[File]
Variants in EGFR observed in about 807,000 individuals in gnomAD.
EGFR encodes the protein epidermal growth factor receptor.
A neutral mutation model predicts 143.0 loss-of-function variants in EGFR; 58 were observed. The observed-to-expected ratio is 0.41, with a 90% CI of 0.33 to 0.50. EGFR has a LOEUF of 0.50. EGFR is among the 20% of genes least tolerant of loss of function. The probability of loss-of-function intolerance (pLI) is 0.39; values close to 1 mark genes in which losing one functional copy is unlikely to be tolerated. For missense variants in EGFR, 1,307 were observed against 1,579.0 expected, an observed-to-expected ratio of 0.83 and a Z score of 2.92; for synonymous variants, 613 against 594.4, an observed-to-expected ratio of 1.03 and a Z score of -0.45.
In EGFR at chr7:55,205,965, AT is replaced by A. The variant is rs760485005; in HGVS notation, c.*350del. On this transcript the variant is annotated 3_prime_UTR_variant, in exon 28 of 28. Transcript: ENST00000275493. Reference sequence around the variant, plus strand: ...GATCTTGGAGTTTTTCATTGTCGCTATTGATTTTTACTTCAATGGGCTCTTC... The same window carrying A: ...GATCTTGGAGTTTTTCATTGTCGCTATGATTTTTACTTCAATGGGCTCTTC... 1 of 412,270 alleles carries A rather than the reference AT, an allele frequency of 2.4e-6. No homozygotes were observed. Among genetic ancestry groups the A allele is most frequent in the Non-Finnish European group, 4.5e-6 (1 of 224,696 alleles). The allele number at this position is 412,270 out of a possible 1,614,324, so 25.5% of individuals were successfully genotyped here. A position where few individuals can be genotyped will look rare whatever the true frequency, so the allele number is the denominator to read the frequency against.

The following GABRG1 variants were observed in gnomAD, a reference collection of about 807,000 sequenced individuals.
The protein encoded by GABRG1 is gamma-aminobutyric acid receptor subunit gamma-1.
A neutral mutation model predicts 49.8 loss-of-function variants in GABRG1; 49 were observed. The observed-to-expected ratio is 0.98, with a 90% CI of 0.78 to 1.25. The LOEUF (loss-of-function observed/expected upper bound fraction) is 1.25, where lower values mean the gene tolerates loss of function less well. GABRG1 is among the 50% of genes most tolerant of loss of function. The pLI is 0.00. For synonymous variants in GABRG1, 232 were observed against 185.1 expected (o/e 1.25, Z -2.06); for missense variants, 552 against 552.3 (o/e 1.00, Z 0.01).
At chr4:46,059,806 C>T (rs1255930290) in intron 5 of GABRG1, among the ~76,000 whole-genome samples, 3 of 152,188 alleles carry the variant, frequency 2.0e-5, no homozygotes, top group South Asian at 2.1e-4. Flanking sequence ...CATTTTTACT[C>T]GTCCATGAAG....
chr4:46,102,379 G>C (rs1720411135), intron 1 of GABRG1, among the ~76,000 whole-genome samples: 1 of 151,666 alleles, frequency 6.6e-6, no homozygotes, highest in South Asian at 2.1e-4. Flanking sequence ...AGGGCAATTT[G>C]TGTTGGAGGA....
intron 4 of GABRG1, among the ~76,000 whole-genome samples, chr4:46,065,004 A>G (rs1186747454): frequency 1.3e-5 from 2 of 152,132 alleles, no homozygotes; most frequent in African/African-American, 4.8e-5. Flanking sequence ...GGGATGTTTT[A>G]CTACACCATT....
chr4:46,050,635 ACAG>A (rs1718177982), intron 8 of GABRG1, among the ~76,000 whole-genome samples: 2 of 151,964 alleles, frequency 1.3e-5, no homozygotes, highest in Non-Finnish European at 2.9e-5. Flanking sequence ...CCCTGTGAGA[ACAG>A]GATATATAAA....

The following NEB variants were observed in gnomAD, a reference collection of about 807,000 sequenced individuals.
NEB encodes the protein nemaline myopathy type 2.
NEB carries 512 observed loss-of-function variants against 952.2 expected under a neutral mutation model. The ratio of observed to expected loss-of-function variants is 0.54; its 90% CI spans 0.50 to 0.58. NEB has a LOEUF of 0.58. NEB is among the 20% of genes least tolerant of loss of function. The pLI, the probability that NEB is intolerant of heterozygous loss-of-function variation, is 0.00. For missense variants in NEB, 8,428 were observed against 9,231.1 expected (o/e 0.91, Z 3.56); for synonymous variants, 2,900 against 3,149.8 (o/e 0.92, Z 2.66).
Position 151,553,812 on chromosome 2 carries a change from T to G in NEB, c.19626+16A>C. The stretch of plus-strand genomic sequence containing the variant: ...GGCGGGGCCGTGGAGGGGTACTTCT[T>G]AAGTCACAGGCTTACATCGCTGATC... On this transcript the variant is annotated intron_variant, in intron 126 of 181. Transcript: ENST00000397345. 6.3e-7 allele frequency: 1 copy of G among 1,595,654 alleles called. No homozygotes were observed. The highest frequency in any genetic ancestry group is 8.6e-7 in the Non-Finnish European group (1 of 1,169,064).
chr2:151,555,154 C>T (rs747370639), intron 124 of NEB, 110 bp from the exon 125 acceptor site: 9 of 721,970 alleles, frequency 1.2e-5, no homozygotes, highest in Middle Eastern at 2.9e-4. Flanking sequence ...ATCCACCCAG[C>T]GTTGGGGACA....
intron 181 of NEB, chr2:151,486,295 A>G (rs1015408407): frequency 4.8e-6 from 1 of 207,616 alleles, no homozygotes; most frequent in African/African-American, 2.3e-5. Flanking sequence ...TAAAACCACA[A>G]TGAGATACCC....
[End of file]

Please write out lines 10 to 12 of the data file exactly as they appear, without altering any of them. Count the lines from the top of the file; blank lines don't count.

intron 4 of GABRG1, among the ~76,000 whole-genome samples, chr4:46,065,004 A>G (rs1186747454): frequency 1.3e-5 from 2 of 152,132 alleles, no homozygotes; most frequent in African/African-American, 4.8e-5. Flanking sequence ...GGGATGTTTT[A>G]CTACACCATT....
chr4:46,050,635 ACAG>A (rs1718177982), intron 8 of GABRG1, among the ~76,000 whole-genome samples: 2 of 151,964 alleles, frequency 1.3e-5, no homozygotes, highest in Non-Finnish European at 2.9e-5. Flanking sequence ...CCCTGTGAGA[ACAG>A]GATATATAAA....

The following NEB variants were observed in gnomAD, a reference collection of about 807,000 sequenced individuals.